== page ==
ClimateWatch

An initiative of Earthwatch Institute

  1. Dusky_moorhen_by_paul_thiompson__zapgaspix Dusky Moorhen by P. Thompson
  2. Dusky_moorhen_by_greg_miles Dusky Moorhen (size: 35 - 40 cm) by G. Miles
  3. Dusky_moorhen_and_chicks_by_marj_k Dusky Moorhen and chicks by Marj K.

Dusky Moorhen

Gallinula tenebrosa

Appearance

Colour: Dark grey to black with a yellow-tipped red bill, red frontal shield, red legs, white undertails. Hatchling also black with red frontal shield, juvenile has green legs, green horn or black coloured bill, generally paler. 

Size: 35-40cm

 

Behaviour

  • Call: Shrill ‘”cheeah”, nasal “tuk, tuk”, low honking. 
  • Diet: Feeds in water and on land, algae, water grasses, seeds, fruits, molluscs and other invertebrates. Will upend in water when feeding but does not dive. 
  • Breeding: Builds nest amongst reeds or on floating platforms in open water.
 

What to Observe

  • Courting/mating
  • Calling
  • Feeding
  • Chicks
  • Bird on eggs
  • Bird on nest
  • Nest building

ClimateWatch Science Advisor

We expect birds to alter their timing of breeding as a result of climate change warming the Earth and associated changes in the hydrological system.

When To Look

  • Year round
  • August - March (breeding)

Where To Look

Eastern and Southwestern Australia

Dusky Moorhen compiled distribution map - BirdLife International

Dusky Moorhen compiled distribution map - BirdLife International

Where To Look

Maps of Habitat Suitability

Gallinula_tenebrosa-dusky_moorhen

Current probability
of occurrence
2070 probability
of occurrence (RCP 8.5)
Species range change from
current to 2070 probability

Above, the left and middle maps show the modelled habitat suitability for the the species under current and potential future climate conditions. The colours indicate the predicted habitat suitability from low (white) to high (dark red).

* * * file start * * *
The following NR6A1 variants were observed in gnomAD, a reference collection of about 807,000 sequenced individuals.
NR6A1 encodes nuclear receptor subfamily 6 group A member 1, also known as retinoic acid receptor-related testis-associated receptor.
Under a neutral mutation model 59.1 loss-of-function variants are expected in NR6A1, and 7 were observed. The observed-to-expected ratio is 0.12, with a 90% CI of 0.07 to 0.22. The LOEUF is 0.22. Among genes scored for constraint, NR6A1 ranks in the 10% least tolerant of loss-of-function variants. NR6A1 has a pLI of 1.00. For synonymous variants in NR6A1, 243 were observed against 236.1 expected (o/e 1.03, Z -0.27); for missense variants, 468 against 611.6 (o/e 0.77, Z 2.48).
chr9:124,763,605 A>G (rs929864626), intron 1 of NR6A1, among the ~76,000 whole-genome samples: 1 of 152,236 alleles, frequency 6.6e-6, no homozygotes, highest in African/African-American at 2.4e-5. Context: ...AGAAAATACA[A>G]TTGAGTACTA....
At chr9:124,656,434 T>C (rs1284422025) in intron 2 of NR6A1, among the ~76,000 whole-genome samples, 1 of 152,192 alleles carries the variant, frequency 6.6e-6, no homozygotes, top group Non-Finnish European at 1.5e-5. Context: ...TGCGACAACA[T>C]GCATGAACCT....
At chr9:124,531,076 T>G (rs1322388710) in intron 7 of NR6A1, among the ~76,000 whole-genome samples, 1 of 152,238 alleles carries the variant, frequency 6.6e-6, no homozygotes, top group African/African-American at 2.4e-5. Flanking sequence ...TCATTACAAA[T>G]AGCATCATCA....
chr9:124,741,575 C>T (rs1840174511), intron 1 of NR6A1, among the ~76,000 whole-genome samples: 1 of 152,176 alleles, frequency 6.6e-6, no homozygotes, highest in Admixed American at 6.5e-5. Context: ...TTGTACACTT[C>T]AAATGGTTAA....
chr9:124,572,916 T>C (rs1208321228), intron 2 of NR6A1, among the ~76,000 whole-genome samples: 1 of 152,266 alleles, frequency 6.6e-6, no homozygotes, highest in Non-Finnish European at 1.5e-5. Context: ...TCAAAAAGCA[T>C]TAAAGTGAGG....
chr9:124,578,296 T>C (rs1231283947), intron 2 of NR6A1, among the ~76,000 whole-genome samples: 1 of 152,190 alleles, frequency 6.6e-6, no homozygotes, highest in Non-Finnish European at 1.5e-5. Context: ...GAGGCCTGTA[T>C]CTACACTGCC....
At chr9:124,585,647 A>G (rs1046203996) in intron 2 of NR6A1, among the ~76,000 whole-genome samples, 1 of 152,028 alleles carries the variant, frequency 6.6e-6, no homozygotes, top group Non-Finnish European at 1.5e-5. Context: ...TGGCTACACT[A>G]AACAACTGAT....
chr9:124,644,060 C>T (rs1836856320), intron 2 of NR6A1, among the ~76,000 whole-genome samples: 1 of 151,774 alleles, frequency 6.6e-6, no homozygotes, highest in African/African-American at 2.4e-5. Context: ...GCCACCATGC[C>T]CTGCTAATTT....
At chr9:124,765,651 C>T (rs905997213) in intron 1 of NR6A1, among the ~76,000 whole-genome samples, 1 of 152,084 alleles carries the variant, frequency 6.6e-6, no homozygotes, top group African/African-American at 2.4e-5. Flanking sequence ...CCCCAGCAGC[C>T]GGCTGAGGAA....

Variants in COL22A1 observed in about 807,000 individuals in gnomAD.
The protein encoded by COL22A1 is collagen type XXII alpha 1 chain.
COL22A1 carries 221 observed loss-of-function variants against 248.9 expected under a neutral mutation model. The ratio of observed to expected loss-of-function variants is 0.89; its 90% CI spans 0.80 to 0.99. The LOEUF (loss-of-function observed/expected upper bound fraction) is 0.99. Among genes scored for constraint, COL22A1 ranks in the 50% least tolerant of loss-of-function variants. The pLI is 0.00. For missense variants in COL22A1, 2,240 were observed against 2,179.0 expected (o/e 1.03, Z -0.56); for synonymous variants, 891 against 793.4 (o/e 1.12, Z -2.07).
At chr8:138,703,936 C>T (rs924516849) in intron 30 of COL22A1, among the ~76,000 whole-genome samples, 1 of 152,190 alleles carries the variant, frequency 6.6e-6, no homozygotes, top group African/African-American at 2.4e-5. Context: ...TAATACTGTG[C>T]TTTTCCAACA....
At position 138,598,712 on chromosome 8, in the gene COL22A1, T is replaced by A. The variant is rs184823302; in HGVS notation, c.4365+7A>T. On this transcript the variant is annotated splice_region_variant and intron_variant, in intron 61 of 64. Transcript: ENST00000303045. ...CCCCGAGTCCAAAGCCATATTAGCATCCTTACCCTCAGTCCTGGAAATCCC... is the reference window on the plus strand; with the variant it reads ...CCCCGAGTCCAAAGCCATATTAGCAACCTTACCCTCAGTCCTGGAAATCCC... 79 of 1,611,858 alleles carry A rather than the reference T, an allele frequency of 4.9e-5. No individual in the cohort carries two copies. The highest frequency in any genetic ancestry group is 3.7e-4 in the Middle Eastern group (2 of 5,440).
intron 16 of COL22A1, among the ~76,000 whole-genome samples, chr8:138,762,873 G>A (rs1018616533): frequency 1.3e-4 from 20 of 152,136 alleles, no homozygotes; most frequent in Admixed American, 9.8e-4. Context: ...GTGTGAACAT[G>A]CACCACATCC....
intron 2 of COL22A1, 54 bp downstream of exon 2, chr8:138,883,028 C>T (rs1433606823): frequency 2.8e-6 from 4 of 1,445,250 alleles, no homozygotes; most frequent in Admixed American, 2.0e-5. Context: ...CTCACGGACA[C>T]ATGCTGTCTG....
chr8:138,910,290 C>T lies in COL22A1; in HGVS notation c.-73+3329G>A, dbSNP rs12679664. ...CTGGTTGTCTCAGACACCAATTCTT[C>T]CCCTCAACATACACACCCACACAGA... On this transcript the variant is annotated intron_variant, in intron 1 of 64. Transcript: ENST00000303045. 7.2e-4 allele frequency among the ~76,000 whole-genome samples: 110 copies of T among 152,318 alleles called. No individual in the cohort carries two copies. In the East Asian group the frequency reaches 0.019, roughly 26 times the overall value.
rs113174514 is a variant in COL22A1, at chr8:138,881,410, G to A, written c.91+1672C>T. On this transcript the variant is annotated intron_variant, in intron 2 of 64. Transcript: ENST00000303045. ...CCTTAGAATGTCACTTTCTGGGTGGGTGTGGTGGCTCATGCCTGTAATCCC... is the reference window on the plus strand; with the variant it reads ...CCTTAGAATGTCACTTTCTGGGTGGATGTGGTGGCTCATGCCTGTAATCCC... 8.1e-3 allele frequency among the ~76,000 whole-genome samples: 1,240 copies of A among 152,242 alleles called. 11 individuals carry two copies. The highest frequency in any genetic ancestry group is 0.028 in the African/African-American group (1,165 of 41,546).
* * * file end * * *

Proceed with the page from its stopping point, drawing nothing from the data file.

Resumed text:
The future habitat suitability is modelled for the year 2070 under a climate change scenario that represents 'business as usual' (RCP 8.5). The map on the right shows how the range of the species might change between now and 2070, with orange areas indicating where the species might disappear, green areas where the species range might expand, and blue areas where the habitat is predicted to be suitable for the species now and in the future.

The models for this species were run in the Biodiversity and Climate Change Virtual Laboratory. Please note that while models can be very informative, they are only a representation of the real world and thus should always be viewed with caution. You can read more about the science behind these models here.

Sightings

References

Simpson K, Day N & Trusler P 2004. Field Guide to the Birds of Australia. Viking, Camberwell, Victoria.

Links

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  1. What Else?

    Purple Swamphen (Porphyrio porphyrio) is larger with a bright purple front and all red bill and shield. 

    Eurasian Coot (Fulica atra) is recognised by its snowy white bill and forehead shield.

    Black-tailed Native-hen (Tribonyx ventralis) is a large, stout, dark, fleet-footed rail with an erect narrow black tail which is held folded. The bird is mainly brownish-grey, with white spots on the flanks. The bill and frontal shield is green, with an orange-red lower mandible ('jaw'). Legs and feet are bright pink. The eye is bright yellow. They are seen in pairs, parties and sometimes large groups.

    Tasmanian Native Hen (Tribonyx mortierii)is a large, heavy bodied, flightless bird found only in Tasmania. It is similar in shape to the Black-tailed Native-hen Tribonyx ventralia but is larger. The Tasmanian Native-hen has a large yellow bill, a red eye, brown head, back and wings and is slate grey on its underparts. The contrasting black tail is long and narrow and is flattened along the mid-line of the bird . The legs are powerful and grey in colour. Juvenile birds are similar to adults but duller.

    Bush-hen (Amaurornis moluccana) belongs to the same family as crakes and rails. It has brown back and wings and grey throat and chest with rusty tan coloured rear and under the tail. The bill and legs are greenish. It is not often seen as it spends most of the time in dense vegetation near water. It is a good swimmer and also wades in shallow water. 

    Spotless Crake (Porzana tabuensis) is a cryptic water bird found in the Philippines, SW Polynesia, Australia, and New Zealand.

  1. Did You Know?

    The Dusky Moorhen will eat the droppings of other birds.